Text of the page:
Directed by Alex Garland

Starring – Natalie Portman, Tessa Thompson, Oscar Isaac

The Plot – A biologist’s husband disappears. She puts her name forward for an expedition into an environmental disaster zone, but does not find what she’s expecting. The expedition team is made up of the biologist, an anthropologist, a psychologist, a surveyor, and a linguist.

Rated R (for violence, bloody images, adult language and some sexuality)


– Being a fan of the books, I can thankfully say that Garland follows enough of the outline from that source material while deviating dramatically with the central themes and development for where his characters take us. It was like following the rules without knowing fully where it would go; the most satisfying kind of adaptation.

– Eye-entrancing visuals. There’s plenty to mention here, including the death scenes that are viscerally artistic in the most cinematic of qualities. Aside from this, the film’s backdrops for The Shimmer radiate the same kind of prism magenta that fills the air like a cancer. More on that sentiment in a second.

– The performances are well done without being overly dramatic. Midway through the film, I kept saying to myself how underplayed these characters are from this exceptionally talented cast, but then their pain and personal miseries snuck up on me with each passing reveal, speaking levels to the kind of empathy that Portman, Thompson, and my personal favorite, Gina Rodriguez garner for each other.

– Garland continues his parade front-and-center towards being possibly the very best science fiction director going today. With ‘Annihilation’, he constructs a science fiction slow-burn thriller film for the strongest of die-hards who welcome the chance to immerse themselves in worlds and rules so foreign from anything on this planet. Any great science fiction film makes you believe that anything can happen, and there has rarely been a stronger case for this than this movie.

– As far as the themes ingested into this story, I took away plenty that I grabbed ahold of, and yet plenty that would still require future re-watches to make this evidence concrete. In my opinion, the film is very much about self-destruction on a global and personal scale, and how the comparison in biology between the two help shape the shadows of who we become when compared to the person we once were. It’s interesting how similarly the people and environment react when faced with an event that will inevitably change both of their futures.

– There’s so much range in the unorthodox sound mixing displayed here by designer Niv Adiri. Acting as something much greater than just visually distinguishing us from the outside, Adiri audibly catches your attention by mastering a kind of counterfeit serenity to what makes up the sounds around us. It almost takes a minute to hear the deviated differences from our own air, but the cause for concern will produce in spades for anyone so firmly committed to soaking it all in.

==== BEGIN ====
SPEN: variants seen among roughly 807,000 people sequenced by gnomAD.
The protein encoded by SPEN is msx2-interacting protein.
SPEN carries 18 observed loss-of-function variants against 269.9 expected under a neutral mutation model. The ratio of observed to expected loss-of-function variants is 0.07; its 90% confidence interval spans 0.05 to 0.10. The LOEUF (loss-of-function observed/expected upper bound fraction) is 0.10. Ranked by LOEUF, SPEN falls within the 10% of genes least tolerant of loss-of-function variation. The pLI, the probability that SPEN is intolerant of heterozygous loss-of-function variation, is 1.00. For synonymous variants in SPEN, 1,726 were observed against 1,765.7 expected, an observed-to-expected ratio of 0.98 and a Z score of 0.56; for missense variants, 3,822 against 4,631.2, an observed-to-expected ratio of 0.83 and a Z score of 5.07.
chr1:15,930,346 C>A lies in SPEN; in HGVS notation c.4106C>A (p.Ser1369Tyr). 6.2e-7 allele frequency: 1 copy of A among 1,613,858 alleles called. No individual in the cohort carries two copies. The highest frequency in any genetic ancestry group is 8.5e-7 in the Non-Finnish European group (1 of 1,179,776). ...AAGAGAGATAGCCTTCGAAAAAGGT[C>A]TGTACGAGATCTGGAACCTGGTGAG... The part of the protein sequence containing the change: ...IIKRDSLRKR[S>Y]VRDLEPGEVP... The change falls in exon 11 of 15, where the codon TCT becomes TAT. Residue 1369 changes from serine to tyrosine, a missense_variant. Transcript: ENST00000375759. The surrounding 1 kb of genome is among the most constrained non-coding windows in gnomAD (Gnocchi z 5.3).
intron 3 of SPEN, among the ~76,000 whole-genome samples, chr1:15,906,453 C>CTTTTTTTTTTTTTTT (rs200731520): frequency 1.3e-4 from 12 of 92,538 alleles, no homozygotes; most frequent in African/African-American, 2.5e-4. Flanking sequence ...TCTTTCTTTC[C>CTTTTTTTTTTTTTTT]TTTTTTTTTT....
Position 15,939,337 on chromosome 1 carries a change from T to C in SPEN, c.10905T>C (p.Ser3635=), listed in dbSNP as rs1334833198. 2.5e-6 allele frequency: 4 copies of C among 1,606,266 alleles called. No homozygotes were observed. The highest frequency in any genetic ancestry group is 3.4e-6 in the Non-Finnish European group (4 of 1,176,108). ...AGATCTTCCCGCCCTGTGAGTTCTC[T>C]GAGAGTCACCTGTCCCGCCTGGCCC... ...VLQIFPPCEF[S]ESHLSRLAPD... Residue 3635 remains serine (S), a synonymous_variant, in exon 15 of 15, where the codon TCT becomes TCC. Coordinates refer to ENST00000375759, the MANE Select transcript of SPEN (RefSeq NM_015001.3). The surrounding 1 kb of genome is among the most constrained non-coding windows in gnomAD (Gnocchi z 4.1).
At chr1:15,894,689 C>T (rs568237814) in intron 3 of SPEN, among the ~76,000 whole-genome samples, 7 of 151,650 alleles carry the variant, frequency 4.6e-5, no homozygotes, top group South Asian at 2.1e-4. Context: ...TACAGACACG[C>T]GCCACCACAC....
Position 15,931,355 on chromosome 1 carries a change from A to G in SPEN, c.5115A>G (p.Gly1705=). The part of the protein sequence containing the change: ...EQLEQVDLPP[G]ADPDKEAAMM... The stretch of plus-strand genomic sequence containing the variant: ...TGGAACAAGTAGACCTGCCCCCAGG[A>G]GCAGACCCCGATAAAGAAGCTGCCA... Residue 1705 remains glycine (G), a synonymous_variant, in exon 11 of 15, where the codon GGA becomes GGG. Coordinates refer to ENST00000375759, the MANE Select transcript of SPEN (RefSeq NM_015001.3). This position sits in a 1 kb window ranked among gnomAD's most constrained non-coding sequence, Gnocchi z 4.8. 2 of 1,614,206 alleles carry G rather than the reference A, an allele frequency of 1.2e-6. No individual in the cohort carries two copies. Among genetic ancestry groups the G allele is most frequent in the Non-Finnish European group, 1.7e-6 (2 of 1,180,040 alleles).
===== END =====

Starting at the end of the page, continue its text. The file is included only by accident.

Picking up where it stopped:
– A very eclectic musical score from producers Geoff Barrow and Ben Salisbury. With enough free range between the worlds of folk and techno that audibly adorn the film, the duo of musicians master a slow change in genre sounds to replicate the change in fear that is taking out in this mental chess game between human and alien.


– The film greatly suffers from that cliche of immense creatures that apparently don’t make sounds as they approach. While not as humorous as something like the ‘Jurassic Park’ films, it is ridiculous here considering their movements have virtually no sound in The Shimmer to compete against thanks to the lack of human influence.

– While I always appreciate a film that offers a chance for audiences to debate and interpret what they see, I think Garland as a writer remains far too cryptic in his battle for sending audiences home with that final emphasis during the third act that leaves too much open. Far too often, the answer of “I don’t know” fills the dialogue, and it made me annoyed for just how little we definitively answered in 110 minutes.

– Once again, another harmful introduction. The first scene in this film continues my least favorite tradition of giving away spoilers before we’ve even stepped foot into the story. Sure, there’s much more to these answers that we’ve been given, but the well-being of the characters in particular hinders any kind of suspense later on that some of these rare fight sequences could’ve used badly.


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